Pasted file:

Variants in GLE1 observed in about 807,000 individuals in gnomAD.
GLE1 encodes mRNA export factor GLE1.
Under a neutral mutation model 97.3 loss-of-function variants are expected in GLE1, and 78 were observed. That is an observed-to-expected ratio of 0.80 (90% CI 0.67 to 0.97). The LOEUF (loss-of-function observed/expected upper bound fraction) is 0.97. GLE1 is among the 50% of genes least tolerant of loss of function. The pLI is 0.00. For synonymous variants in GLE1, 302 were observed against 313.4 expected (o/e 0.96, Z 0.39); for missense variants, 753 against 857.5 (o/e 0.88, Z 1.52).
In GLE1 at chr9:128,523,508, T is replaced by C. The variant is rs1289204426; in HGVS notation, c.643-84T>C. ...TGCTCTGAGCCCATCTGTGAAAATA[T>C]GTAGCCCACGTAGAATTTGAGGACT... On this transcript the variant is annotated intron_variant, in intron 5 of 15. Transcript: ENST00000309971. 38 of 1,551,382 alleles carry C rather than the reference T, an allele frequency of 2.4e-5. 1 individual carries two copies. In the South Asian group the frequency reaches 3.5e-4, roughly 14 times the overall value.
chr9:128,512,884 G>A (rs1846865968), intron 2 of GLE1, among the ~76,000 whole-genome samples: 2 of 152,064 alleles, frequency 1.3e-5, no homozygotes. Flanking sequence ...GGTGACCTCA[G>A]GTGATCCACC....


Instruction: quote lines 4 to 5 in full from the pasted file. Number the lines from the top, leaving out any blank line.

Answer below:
In GLE1 at chr9:128,523,508, T is replaced by C. The variant is rs1289204426; in HGVS notation, c.643-84T>C. ...TGCTCTGAGCCCATCTGTGAAAATA[T>C]GTAGCCCACGTAGAATTTGAGGACT... On this transcript the variant is annotated intron_variant, in intron 5 of 15. Transcript: ENST00000309971. 38 of 1,551,382 alleles carry C rather than the reference T, an allele frequency of 2.4e-5. 1 individual carries two copies. In the South Asian group the frequency reaches 3.5e-4, roughly 14 times the overall value.
chr9:128,512,884 G>A (rs1846865968), intron 2 of GLE1, among the ~76,000 whole-genome samples: 2 of 152,064 alleles, frequency 1.3e-5, no homozygotes. Flanking sequence ...GGTGACCTCA[G>A]GTGATCCACC....